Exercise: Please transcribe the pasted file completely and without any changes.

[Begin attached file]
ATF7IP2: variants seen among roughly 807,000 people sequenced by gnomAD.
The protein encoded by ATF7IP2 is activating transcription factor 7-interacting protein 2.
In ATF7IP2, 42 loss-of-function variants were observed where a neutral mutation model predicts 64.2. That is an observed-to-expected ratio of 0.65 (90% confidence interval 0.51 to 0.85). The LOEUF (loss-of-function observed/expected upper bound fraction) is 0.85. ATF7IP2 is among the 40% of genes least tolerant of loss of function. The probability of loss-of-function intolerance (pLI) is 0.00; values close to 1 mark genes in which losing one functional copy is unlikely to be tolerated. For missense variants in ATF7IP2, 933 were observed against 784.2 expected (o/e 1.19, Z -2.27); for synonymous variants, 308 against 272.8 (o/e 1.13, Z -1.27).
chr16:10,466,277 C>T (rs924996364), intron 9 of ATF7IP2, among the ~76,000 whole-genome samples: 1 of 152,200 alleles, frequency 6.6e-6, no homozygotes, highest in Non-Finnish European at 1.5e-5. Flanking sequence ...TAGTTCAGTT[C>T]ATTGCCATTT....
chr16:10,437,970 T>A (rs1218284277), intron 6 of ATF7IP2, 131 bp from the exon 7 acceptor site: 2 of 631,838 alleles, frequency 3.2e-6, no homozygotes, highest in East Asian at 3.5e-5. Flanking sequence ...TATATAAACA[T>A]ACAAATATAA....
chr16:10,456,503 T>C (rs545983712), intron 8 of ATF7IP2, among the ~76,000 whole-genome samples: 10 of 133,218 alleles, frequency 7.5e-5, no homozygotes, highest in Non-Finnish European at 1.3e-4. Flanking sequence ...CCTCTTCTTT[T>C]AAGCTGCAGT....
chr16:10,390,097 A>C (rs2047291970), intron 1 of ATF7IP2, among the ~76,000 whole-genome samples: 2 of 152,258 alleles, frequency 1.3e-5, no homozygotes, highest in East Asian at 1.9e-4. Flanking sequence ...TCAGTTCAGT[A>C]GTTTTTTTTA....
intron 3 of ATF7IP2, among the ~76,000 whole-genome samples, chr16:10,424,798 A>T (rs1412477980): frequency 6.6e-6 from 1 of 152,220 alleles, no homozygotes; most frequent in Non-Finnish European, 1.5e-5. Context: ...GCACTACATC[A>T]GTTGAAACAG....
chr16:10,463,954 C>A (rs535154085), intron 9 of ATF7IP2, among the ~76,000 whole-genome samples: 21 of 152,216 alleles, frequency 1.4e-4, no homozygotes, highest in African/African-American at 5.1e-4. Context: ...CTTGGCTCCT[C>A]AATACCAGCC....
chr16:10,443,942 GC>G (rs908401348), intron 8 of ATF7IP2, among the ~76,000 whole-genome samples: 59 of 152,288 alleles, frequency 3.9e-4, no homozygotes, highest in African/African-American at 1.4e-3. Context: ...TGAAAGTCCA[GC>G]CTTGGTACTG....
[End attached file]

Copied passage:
ATF7IP2: variants seen among roughly 807,000 people sequenced by gnomAD.
The protein encoded by ATF7IP2 is activating transcription factor 7-interacting protein 2.
In ATF7IP2, 42 loss-of-function variants were observed where a neutral mutation model predicts 64.2. That is an observed-to-expected ratio of 0.65 (90% confidence interval 0.51 to 0.85). The LOEUF (loss-of-function observed/expected upper bound fraction) is 0.85. ATF7IP2 is among the 40% of genes least tolerant of loss of function. The probability of loss-of-function intolerance (pLI) is 0.00; values close to 1 mark genes in which losing one functional copy is unlikely to be tolerated. For missense variants in ATF7IP2, 933 were observed against 784.2 expected (o/e 1.19, Z -2.27); for synonymous variants, 308 against 272.8 (o/e 1.13, Z -1.27).
chr16:10,466,277 C>T (rs924996364), intron 9 of ATF7IP2, among the ~76,000 whole-genome samples: 1 of 152,200 alleles, frequency 6.6e-6, no homozygotes, highest in Non-Finnish European at 1.5e-5. Flanking sequence ...TAGTTCAGTT[C>T]ATTGCCATTT....
chr16:10,437,970 T>A (rs1218284277), intron 6 of ATF7IP2, 131 bp from the exon 7 acceptor site: 2 of 631,838 alleles, frequency 3.2e-6, no homozygotes, highest in East Asian at 3.5e-5. Flanking sequence ...TATATAAACA[T>A]ACAAATATAA....
chr16:10,456,503 T>C (rs545983712), intron 8 of ATF7IP2, among the ~76,000 whole-genome samples: 10 of 133,218 alleles, frequency 7.5e-5, no homozygotes, highest in Non-Finnish European at 1.3e-4. Flanking sequence ...CCTCTTCTTT[T>C]AAGCTGCAGT....
chr16:10,390,097 A>C (rs2047291970), intron 1 of ATF7IP2, among the ~76,000 whole-genome samples: 2 of 152,258 alleles, frequency 1.3e-5, no homozygotes, highest in East Asian at 1.9e-4. Flanking sequence ...TCAGTTCAGT[A>C]GTTTTTTTTA....
intron 3 of ATF7IP2, among the ~76,000 whole-genome samples, chr16:10,424,798 A>T (rs1412477980): frequency 6.6e-6 from 1 of 152,220 alleles, no homozygotes; most frequent in Non-Finnish European, 1.5e-5. Context: ...GCACTACATC[A>T]GTTGAAACAG....
chr16:10,463,954 C>A (rs535154085), intron 9 of ATF7IP2, among the ~76,000 whole-genome samples: 21 of 152,216 alleles, frequency 1.4e-4, no homozygotes, highest in African/African-American at 5.1e-4. Context: ...CTTGGCTCCT[C>A]AATACCAGCC....
chr16:10,443,942 GC>G (rs908401348), intron 8 of ATF7IP2, among the ~76,000 whole-genome samples: 59 of 152,288 alleles, frequency 3.9e-4, no homozygotes, highest in African/African-American at 1.4e-3. Context: ...TGAAAGTCCA[GC>G]CTTGGTACTG....